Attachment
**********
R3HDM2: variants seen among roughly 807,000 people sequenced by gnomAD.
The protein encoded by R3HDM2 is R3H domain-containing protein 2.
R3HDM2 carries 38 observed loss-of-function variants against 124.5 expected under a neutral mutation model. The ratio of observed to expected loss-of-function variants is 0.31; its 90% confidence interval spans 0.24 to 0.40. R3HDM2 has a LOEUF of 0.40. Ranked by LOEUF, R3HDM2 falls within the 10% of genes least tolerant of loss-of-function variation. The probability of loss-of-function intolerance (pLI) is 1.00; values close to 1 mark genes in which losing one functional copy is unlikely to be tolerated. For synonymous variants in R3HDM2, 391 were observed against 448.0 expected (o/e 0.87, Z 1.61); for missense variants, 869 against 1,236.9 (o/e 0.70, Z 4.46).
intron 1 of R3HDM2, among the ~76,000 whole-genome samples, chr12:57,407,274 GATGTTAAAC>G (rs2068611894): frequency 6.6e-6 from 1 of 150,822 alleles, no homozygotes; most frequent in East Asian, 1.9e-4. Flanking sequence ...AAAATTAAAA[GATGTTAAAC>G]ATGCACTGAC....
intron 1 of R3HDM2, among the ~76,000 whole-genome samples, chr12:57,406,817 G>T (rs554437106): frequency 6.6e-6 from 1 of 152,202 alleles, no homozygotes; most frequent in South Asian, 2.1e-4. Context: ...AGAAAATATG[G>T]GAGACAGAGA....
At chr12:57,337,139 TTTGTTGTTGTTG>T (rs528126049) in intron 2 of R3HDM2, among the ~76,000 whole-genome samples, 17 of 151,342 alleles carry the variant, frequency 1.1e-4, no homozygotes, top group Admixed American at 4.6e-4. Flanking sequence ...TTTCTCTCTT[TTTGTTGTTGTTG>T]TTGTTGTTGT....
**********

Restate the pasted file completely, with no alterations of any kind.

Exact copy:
R3HDM2: variants seen among roughly 807,000 people sequenced by gnomAD.
The protein encoded by R3HDM2 is R3H domain-containing protein 2.
R3HDM2 carries 38 observed loss-of-function variants against 124.5 expected under a neutral mutation model. The ratio of observed to expected loss-of-function variants is 0.31; its 90% confidence interval spans 0.24 to 0.40. R3HDM2 has a LOEUF of 0.40. Ranked by LOEUF, R3HDM2 falls within the 10% of genes least tolerant of loss-of-function variation. The probability of loss-of-function intolerance (pLI) is 1.00; values close to 1 mark genes in which losing one functional copy is unlikely to be tolerated. For synonymous variants in R3HDM2, 391 were observed against 448.0 expected (o/e 0.87, Z 1.61); for missense variants, 869 against 1,236.9 (o/e 0.70, Z 4.46).
intron 1 of R3HDM2, among the ~76,000 whole-genome samples, chr12:57,407,274 GATGTTAAAC>G (rs2068611894): frequency 6.6e-6 from 1 of 150,822 alleles, no homozygotes; most frequent in East Asian, 1.9e-4. Flanking sequence ...AAAATTAAAA[GATGTTAAAC>G]ATGCACTGAC....
intron 1 of R3HDM2, among the ~76,000 whole-genome samples, chr12:57,406,817 G>T (rs554437106): frequency 6.6e-6 from 1 of 152,202 alleles, no homozygotes; most frequent in South Asian, 2.1e-4. Context: ...AGAAAATATG[G>T]GAGACAGAGA....
At chr12:57,337,139 TTTGTTGTTGTTG>T (rs528126049) in intron 2 of R3HDM2, among the ~76,000 whole-genome samples, 17 of 151,342 alleles carry the variant, frequency 1.1e-4, no homozygotes, top group Admixed American at 4.6e-4. Flanking sequence ...TTTCTCTCTT[TTTGTTGTTGTTG>T]TTGTTGTTGT....